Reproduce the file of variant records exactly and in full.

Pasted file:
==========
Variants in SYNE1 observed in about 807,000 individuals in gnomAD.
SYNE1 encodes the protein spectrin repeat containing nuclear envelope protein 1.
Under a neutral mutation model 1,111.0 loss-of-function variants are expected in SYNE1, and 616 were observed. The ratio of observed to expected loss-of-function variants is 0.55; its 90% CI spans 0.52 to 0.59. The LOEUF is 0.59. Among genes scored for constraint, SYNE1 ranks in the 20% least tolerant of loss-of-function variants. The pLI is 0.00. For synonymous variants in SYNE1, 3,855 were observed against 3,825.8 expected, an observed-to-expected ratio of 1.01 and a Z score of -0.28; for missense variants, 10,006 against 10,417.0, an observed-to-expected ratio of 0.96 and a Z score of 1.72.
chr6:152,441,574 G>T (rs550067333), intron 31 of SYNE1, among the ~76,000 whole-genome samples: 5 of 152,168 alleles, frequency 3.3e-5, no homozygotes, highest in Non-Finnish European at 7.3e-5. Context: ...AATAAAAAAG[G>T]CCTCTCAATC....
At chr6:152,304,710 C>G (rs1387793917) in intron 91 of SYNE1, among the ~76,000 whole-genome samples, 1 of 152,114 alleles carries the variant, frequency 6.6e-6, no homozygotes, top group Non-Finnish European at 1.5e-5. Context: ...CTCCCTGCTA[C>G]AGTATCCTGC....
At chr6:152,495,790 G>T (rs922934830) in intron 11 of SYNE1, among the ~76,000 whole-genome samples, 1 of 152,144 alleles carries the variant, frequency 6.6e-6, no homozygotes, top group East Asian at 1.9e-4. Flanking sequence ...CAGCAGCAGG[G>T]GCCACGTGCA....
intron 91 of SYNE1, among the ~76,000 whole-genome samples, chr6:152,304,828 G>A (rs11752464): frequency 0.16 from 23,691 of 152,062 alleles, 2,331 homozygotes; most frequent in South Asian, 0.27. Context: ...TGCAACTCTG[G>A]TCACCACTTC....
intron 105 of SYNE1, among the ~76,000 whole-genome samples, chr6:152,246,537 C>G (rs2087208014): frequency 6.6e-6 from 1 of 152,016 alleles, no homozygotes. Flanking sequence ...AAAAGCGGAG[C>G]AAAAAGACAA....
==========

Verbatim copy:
Variants in SYNE1 observed in about 807,000 individuals in gnomAD.
SYNE1 encodes the protein spectrin repeat containing nuclear envelope protein 1.
Under a neutral mutation model 1,111.0 loss-of-function variants are expected in SYNE1, and 616 were observed. The ratio of observed to expected loss-of-function variants is 0.55; its 90% CI spans 0.52 to 0.59. The LOEUF is 0.59. Among genes scored for constraint, SYNE1 ranks in the 20% least tolerant of loss-of-function variants. The pLI is 0.00. For synonymous variants in SYNE1, 3,855 were observed against 3,825.8 expected, an observed-to-expected ratio of 1.01 and a Z score of -0.28; for missense variants, 10,006 against 10,417.0, an observed-to-expected ratio of 0.96 and a Z score of 1.72.
chr6:152,441,574 G>T (rs550067333), intron 31 of SYNE1, among the ~76,000 whole-genome samples: 5 of 152,168 alleles, frequency 3.3e-5, no homozygotes, highest in Non-Finnish European at 7.3e-5. Context: ...AATAAAAAAG[G>T]CCTCTCAATC....
At chr6:152,304,710 C>G (rs1387793917) in intron 91 of SYNE1, among the ~76,000 whole-genome samples, 1 of 152,114 alleles carries the variant, frequency 6.6e-6, no homozygotes, top group Non-Finnish European at 1.5e-5. Context: ...CTCCCTGCTA[C>G]AGTATCCTGC....
At chr6:152,495,790 G>T (rs922934830) in intron 11 of SYNE1, among the ~76,000 whole-genome samples, 1 of 152,144 alleles carries the variant, frequency 6.6e-6, no homozygotes, top group East Asian at 1.9e-4. Flanking sequence ...CAGCAGCAGG[G>T]GCCACGTGCA....
intron 91 of SYNE1, among the ~76,000 whole-genome samples, chr6:152,304,828 G>A (rs11752464): frequency 0.16 from 23,691 of 152,062 alleles, 2,331 homozygotes; most frequent in South Asian, 0.27. Context: ...TGCAACTCTG[G>A]TCACCACTTC....
intron 105 of SYNE1, among the ~76,000 whole-genome samples, chr6:152,246,537 C>G (rs2087208014): frequency 6.6e-6 from 1 of 152,016 alleles, no homozygotes. Flanking sequence ...AAAAGCGGAG[C>G]AAAAAGACAA....